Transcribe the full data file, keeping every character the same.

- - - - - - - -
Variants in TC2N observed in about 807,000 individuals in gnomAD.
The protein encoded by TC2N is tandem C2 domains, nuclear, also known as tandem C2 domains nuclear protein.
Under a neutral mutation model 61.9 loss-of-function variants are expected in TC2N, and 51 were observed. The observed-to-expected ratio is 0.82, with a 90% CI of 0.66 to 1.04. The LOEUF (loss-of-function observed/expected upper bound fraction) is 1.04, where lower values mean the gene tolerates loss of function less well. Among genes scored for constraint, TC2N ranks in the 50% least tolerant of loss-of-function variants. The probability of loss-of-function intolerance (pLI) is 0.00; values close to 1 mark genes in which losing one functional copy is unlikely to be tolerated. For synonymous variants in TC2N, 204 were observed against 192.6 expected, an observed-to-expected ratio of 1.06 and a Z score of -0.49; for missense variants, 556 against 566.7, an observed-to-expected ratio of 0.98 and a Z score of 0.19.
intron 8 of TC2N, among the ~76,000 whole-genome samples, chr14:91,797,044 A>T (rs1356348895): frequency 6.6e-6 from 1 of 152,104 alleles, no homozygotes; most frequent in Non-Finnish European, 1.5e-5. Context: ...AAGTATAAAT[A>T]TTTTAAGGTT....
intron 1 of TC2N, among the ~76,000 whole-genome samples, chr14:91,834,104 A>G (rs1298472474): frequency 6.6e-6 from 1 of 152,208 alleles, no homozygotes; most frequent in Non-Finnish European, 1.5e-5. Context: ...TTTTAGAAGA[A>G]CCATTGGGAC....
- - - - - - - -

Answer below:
Variants in TC2N observed in about 807,000 individuals in gnomAD.
The protein encoded by TC2N is tandem C2 domains, nuclear, also known as tandem C2 domains nuclear protein.
Under a neutral mutation model 61.9 loss-of-function variants are expected in TC2N, and 51 were observed. The observed-to-expected ratio is 0.82, with a 90% CI of 0.66 to 1.04. The LOEUF (loss-of-function observed/expected upper bound fraction) is 1.04, where lower values mean the gene tolerates loss of function less well. Among genes scored for constraint, TC2N ranks in the 50% least tolerant of loss-of-function variants. The probability of loss-of-function intolerance (pLI) is 0.00; values close to 1 mark genes in which losing one functional copy is unlikely to be tolerated. For synonymous variants in TC2N, 204 were observed against 192.6 expected, an observed-to-expected ratio of 1.06 and a Z score of -0.49; for missense variants, 556 against 566.7, an observed-to-expected ratio of 0.98 and a Z score of 0.19.
intron 8 of TC2N, among the ~76,000 whole-genome samples, chr14:91,797,044 A>T (rs1356348895): frequency 6.6e-6 from 1 of 152,104 alleles, no homozygotes; most frequent in Non-Finnish European, 1.5e-5. Context: ...AAGTATAAAT[A>T]TTTTAAGGTT....
intron 1 of TC2N, among the ~76,000 whole-genome samples, chr14:91,834,104 A>G (rs1298472474): frequency 6.6e-6 from 1 of 152,208 alleles, no homozygotes; most frequent in Non-Finnish European, 1.5e-5. Context: ...TTTTAGAAGA[A>G]CCATTGGGAC....